The Maritime History of the Great Lakes
Floating Dry Dock and Repair Plant for Toronto
The Railway and Marine World (Toronto, ON), October 1911, pp. 977, 979

Full Text

The Dominion Government recently granted Polson Iron Works, Ltd., Toronto, a 3% bonus yearly for 20 years on $900,000 to be spent in building a floating dry dock and a repair plant at Toronto. The dock will be located at the foot of Frederick St., just west of and adjoining the company's present plant. The company has leased from the city, 136 ft. of land just west of the present property on which a basin will be blasted to a depth of 28 ft. to accommodate the floating dock. The company has also recently acquired the property to the east of its present plant and to the east of the Sherbourne St. slip, and it is the intention to use this property outside of Lake St., as a basin for the accommodation of steam boats which may come to the dock for repairs, and this space will provide ample dock accommodation for all vessels which may be waiting their turn to use the dock.

The floating dry dock is ultimately to be of the following dimensions: --

Length 600 ft.
Length over outrigger 642 ft.
Breadth over all 100 ft.
Breadth at deck inside 80 ft.
Breadth at top inside 84 ft
Depth over all 35 ft
Depth to dock deck 8 ft.
Lifting capacity 9,000 tons

At present, two sections 150 by 100 ft. are being built, making an overall length of 336 ft., having a lifting capacity of 4,500 tons, and easily able to accommodate any vessel on Lake Ontario. In the future, when larger vessels are expected to be on these waters, a 300 ft. section will be built and added to the dock, making a total length of 642 ft., and having a lifting capacity of 9000 tons.

The dry dock is of the U-shaped section, and each 150 ft. part is divided transversely by two watertight bulkheads, spaced 50 ft. apart. These bulkheads are fitted intercostally between the three longitudinal bulkheads which are run continuously from end to end, the centre one being non-watertight, and the side ones at 2 ft. from the centre line being watertight. These bulkheads are composed of 3/8 in. plating, 5 by 3 by 3/8 in. vertical stiffeners, spaced 30 in. apart and 5 in. by 3 by 3/8 in. horizontal stiffeners spaced about 7 ft. apart, and shell and deck angles of 3 l/2 by 3 1/2 by 3/8 in.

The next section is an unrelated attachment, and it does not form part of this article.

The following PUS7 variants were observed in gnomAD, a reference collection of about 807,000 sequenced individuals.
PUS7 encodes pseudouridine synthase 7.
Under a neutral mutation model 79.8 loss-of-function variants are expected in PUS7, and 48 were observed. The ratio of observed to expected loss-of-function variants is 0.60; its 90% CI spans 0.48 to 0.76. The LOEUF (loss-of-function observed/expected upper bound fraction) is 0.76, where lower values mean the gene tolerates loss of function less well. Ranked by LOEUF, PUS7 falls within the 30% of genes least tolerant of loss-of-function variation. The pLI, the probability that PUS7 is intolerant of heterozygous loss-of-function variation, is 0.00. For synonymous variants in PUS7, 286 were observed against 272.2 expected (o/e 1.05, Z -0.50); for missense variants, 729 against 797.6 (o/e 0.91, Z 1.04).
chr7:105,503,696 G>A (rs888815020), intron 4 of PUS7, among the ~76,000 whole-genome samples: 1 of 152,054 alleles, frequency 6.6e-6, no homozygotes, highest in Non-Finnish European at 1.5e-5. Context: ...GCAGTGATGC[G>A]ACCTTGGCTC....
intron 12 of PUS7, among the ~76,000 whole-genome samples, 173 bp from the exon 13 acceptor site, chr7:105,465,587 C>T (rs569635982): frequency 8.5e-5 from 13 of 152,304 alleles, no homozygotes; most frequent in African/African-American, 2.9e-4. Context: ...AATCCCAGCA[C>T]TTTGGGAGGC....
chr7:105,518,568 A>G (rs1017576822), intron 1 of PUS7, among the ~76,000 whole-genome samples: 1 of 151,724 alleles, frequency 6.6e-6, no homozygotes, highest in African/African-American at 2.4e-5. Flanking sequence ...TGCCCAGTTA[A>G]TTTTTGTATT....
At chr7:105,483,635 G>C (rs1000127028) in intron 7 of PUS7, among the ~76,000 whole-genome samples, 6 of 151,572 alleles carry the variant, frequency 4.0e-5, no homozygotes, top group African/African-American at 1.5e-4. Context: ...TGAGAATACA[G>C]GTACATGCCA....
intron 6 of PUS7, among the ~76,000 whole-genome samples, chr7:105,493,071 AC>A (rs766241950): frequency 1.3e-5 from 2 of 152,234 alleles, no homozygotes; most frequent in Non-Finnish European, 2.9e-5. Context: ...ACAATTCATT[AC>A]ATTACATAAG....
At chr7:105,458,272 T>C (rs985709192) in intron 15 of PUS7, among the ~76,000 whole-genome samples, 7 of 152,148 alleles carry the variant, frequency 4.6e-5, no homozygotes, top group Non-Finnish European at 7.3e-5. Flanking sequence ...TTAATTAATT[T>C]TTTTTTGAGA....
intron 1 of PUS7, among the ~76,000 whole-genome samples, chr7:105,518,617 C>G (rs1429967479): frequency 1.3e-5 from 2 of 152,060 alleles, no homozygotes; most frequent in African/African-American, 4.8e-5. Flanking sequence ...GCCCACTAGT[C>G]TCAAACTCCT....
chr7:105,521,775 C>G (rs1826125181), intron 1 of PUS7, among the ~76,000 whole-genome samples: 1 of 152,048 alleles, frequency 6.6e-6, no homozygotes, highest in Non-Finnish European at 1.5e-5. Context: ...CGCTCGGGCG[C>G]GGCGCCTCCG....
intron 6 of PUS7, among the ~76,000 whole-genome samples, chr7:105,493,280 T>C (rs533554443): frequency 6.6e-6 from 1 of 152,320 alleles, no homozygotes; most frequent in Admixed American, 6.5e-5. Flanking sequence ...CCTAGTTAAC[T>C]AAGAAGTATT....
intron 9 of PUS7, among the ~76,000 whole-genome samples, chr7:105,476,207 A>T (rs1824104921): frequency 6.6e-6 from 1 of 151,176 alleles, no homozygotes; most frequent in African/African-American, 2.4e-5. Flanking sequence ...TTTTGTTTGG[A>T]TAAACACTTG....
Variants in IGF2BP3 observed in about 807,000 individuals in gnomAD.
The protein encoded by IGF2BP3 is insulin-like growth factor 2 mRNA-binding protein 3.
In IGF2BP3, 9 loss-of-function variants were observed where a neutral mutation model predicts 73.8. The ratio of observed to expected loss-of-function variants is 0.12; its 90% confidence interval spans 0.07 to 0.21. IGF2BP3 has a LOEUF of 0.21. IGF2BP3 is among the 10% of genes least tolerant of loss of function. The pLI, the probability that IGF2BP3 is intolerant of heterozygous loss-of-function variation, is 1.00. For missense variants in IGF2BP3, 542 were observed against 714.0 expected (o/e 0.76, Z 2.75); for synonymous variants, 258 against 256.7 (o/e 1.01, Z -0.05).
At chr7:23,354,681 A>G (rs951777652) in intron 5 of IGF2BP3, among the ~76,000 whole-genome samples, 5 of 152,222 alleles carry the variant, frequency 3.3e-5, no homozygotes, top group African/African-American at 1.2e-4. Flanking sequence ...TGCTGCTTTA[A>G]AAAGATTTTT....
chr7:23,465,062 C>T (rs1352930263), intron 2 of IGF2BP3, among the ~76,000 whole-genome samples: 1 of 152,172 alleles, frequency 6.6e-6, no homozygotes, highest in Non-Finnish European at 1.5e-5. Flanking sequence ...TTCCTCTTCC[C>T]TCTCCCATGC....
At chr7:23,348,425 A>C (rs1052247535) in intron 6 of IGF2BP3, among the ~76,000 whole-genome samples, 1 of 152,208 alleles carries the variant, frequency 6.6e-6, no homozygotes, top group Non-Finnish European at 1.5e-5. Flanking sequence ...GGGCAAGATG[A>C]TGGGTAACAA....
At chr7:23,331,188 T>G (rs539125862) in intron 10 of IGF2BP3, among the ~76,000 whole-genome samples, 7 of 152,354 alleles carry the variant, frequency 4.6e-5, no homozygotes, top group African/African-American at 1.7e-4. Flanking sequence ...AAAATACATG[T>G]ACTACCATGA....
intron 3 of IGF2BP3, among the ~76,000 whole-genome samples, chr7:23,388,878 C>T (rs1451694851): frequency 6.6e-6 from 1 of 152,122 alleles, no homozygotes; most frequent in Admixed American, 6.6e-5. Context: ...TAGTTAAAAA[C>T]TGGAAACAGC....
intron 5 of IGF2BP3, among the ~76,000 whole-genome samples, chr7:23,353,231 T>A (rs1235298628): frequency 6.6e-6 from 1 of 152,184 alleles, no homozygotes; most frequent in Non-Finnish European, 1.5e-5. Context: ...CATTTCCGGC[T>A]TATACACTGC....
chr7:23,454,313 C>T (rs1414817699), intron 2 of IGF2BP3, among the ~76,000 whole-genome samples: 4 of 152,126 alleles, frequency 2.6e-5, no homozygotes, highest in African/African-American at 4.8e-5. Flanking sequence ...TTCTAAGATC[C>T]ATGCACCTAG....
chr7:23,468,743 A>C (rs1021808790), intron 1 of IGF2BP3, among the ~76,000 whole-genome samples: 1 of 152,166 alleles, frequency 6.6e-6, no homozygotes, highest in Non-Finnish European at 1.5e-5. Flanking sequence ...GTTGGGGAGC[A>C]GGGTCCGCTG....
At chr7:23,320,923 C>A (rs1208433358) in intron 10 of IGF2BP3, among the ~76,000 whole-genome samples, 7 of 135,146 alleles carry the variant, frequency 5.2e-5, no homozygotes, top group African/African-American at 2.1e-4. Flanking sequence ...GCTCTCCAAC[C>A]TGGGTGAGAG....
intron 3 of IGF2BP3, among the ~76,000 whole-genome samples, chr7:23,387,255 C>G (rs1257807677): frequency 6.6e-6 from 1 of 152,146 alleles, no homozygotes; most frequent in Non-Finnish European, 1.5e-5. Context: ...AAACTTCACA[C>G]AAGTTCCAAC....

The framing consists of both longitudinal and transverse systems, the former being carried out between the wing bulkheads in the centre and the latter outside the wing bulkheads and on the walls. Solid floors are fitted transversely every 10 ft. between the longitudinal bulkheads, and consist of 3/8 in. plating, with connecting angles of 3 by 3 by 3/8 in. and vertical stiffeners of 5 by 3 by 3/8 in. spaced 30 ins. apart. Between these solid floors are fitted the longitudinal frames which are 6 by 3 1/2 by 3/8 in. on the bottom and 12 by 25 in. channel at the top. The former are fitted intercostally between the solid floors, but the latter run continuously from bulkhead to bulkhead. This longitudinal system of framing is completed by a continuous series of lattice work of 4 by 4 by 3/8 in. angles with 3/8 in. cross ties and brackets securely connecting them to frames and vertical stiffeners. The longitudinal framing amounts to a non-watertight centre bulkhead, two side wing bulkheads, both watertight, and 14 rows of frames and bracings. The transverse framing consists of a series of lattice work frames opposite every solid floor of 6 by 3 1/2 by 3/8 in. angle frames, 3/8 in. brackets and 4 by 4 by 3/8 in. bracings. The side frames of outer and inner walls extend from top to bottom continuously, and have beams securely bracketed to them about every 7 ft. The intermediate frames are fitted between each solid floor, spaced 30 in. and extend from wing bulkhead to top and are of 6 by 3 1/2 by 3/8 in. angles with 3/8 in. brackets connecting beams and stanchions.

The bottom plating is 7-16 in. worked transversely in way of longitudinal framing at centre, and longitudinally in way of transverse framing at sides. The outer wall is 3/8 in. plating with top and bottom strakes of 7-16 in. The inside wall is of 3/8 in. plating and the top is 7-16. The deck plating is 3/8 in., worked in the same manner as the bottom plating in connection with the framing. The corner angles at the deck, top and bilge are 4 by 4 1/2 in. All shell landings will be joggled and linears dispensed with. The end plating is 3/8 in., and is connected to deck and bottom by 4 by 4 1/2 in. angles with 5 by 3 by 3/8 ins. vertical stiffeners spaced 30 ins. and horizontal stiffeners of 5 by 3 by 3/8 ins. The gangways are fitted in each section in each side; the opening being 20 by 15 ft., with plating 3/8 in., and connecting angles 3 by 3 by 3/8 in. The rivets in the whole construction are 3/4 in. in diameter, the plate landings being double rivetted and the laps quadruple rivitted.